Translation of 1 Kgs 1:1-14 Ant. (= 1 Kgs 1:12-25 MT)

1) And Solomon sat upon the throne of David, his father, and his kingdom was very prepared.
2) And Orneias, the son of Angeith, went to Beersabee, the mother of Solomon, and he did obeisance to her. And she said to him, “Is your coming peace?” And he said, “Peace.”
3) And he said, “A word for me to you.” And she said to him, Beersabee [did], “speak!”
4) And he said to her, “You know that for me was the kingdom. And upon me to reign all Israel set their face. But the kingdom turned and was for my brother, for from the Lord was [it] for him.
5) “And now, one small request I ask from you; you should not turn your face away.” And she said to him, Beersabee [did], “speak!”
6) And he said to her, Orneia [did], “Please speak to Solomon, the king, for he will not turn your face away, and he will give me Abeisak the Somaneite for a wife.”
7) And she said to him, Beersabee [did], “Good. I will speak about you to the king.”
8) And Beersabee went to the king, Solomon, to speak to him about Orneia. And the king, Solomon, arose to escort her. And he kissed her and sat upon his throne. And he set a throne for the mother of the king, and she sat on his right.
9) And she said to him, “One small request I would ask from you. You should not turn my face away.” And he said to her, the king [did], “Ask, my mother, for I will not turn you away.”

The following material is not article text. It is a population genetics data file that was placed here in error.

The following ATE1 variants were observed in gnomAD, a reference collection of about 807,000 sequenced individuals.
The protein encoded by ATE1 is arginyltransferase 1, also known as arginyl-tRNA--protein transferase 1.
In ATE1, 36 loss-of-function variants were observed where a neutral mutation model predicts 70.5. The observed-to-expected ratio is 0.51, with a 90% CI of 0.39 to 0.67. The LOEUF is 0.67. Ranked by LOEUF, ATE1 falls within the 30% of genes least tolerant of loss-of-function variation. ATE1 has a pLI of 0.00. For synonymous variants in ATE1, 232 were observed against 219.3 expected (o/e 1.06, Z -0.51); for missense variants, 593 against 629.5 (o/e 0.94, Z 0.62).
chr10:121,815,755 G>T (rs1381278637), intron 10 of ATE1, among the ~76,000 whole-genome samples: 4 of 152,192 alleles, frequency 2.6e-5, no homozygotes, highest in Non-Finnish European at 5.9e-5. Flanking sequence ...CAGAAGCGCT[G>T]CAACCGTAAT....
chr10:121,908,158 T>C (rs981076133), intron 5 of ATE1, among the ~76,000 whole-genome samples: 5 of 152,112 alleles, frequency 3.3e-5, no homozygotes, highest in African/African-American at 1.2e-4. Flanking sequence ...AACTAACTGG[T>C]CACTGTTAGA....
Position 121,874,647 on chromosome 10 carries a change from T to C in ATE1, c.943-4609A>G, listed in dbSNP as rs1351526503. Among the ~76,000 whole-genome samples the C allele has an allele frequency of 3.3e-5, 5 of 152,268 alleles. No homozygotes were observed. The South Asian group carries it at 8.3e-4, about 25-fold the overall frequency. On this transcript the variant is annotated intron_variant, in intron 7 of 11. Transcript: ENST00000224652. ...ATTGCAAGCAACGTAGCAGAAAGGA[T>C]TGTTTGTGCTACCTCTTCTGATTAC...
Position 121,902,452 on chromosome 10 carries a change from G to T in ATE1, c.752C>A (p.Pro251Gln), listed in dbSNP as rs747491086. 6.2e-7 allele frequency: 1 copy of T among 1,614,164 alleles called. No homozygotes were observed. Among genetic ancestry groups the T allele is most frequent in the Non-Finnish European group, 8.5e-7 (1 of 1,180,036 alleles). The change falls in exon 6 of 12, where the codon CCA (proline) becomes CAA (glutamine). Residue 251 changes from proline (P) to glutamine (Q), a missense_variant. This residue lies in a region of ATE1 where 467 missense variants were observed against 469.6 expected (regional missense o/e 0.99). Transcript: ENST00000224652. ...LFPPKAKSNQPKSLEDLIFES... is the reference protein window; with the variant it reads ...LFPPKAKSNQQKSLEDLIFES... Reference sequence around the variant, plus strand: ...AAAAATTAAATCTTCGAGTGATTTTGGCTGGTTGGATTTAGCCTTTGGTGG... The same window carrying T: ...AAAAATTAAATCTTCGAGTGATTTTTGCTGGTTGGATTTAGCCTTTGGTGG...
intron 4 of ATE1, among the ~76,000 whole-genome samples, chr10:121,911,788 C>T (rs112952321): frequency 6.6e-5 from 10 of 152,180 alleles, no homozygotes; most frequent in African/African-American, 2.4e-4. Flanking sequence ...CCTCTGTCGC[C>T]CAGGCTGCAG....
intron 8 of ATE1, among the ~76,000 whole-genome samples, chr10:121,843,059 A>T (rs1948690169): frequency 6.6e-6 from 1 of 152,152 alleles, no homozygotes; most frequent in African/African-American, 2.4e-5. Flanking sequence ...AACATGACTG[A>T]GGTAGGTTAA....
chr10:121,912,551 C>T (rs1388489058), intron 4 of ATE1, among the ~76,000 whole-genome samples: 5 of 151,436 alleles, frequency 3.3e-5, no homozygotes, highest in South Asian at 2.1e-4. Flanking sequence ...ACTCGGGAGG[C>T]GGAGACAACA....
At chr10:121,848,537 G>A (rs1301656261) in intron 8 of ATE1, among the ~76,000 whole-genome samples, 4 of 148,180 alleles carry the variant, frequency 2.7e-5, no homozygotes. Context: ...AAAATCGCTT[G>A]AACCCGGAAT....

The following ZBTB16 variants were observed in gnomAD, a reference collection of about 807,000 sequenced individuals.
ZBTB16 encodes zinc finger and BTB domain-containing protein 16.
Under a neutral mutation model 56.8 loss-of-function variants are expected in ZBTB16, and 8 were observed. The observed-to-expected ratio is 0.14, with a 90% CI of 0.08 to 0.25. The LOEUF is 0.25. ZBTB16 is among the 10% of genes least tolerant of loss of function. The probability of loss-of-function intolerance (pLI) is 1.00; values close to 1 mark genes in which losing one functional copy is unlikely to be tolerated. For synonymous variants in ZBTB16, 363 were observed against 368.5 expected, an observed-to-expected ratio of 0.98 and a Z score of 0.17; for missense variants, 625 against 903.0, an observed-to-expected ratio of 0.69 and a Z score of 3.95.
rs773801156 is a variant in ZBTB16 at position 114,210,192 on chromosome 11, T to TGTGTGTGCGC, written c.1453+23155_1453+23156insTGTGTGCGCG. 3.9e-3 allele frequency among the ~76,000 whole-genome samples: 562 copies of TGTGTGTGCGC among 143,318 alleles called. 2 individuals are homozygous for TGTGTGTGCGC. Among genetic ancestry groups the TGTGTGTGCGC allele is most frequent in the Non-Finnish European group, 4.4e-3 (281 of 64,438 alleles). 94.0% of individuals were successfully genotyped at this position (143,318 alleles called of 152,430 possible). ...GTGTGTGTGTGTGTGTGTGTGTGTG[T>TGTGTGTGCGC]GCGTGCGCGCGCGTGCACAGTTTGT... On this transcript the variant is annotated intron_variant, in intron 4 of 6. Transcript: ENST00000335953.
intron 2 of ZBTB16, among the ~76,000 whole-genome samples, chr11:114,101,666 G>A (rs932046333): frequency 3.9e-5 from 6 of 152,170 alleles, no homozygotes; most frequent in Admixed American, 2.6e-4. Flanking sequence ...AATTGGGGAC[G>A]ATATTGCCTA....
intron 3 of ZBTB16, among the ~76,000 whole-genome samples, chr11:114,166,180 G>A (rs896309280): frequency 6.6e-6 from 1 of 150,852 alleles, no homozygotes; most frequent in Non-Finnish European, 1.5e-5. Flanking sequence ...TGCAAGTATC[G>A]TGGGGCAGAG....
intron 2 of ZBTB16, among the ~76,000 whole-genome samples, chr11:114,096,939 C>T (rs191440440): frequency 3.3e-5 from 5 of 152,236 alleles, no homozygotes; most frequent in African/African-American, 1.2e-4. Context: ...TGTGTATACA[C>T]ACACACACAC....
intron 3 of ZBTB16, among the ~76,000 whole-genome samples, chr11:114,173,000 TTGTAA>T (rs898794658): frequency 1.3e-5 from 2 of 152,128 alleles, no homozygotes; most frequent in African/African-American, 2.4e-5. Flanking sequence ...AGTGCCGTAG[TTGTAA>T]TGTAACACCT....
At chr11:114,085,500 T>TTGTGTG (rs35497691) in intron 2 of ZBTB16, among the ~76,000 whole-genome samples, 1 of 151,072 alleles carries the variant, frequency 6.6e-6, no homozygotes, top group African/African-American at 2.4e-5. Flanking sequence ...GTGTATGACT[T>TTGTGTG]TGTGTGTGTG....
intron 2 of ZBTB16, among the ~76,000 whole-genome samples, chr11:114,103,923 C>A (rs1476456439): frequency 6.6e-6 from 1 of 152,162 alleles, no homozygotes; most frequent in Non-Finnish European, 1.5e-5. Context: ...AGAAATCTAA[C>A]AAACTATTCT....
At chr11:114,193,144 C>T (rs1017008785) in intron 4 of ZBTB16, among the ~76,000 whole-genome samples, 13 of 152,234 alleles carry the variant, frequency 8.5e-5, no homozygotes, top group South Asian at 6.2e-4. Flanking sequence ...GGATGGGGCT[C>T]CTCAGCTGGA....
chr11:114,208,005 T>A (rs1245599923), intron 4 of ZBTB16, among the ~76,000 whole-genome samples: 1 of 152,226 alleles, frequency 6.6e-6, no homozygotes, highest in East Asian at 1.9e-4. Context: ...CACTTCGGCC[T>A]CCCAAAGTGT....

10) And she said, “Please give Abeisak the Somaneite [to] Orneia, your brother, for a wife.”
11) And Solomon, the king, answered and said to his mother, “And to what end are you requesting Abeisak for Orneia for a wife? And request for him the kingdom, for he is the brother of me, the greater one than me! And for him [was] Abiathar the priest, and to him was Joab, son of Sarouia, the general a friend.”
12) And the king, Solomon, swore by the Lord, saying, “Thus may he—the God—do to me, and thus may he add! Yes, in [surrendering] his life did Orneia speak this word!
13) “And now, as the Lord lives, who prepared me and put me on the throne of David, my father, and who made me a house, just as he—the Lord—said to me: yes, today Orneia will surely die!”
14) And Solomon, the king, sent out by the hand of Banaia son of Ioad, and he killed Orneia. And Orneia died on that day.

Batseba dient het verzoek van Adonia in bij Salomo. 16th-17th Cent. Rijksmuseum, Amsterdam. Public Domain.

Comments on the Text

Noting the greater similarity between the Greek versions in this pericope when contrasted with the preceding ones is of utmost importance. The versions differ less in their number, as well as in the quality of their variants. The amount of kaige influence in LXX is strongly reduced, as should become apparent. This observation is not new, yet it is nonetheless worth reiterating. Ant. also appears to have more recensional elements than in some preceding passages, making it a more problematic witness of the OG in some cases.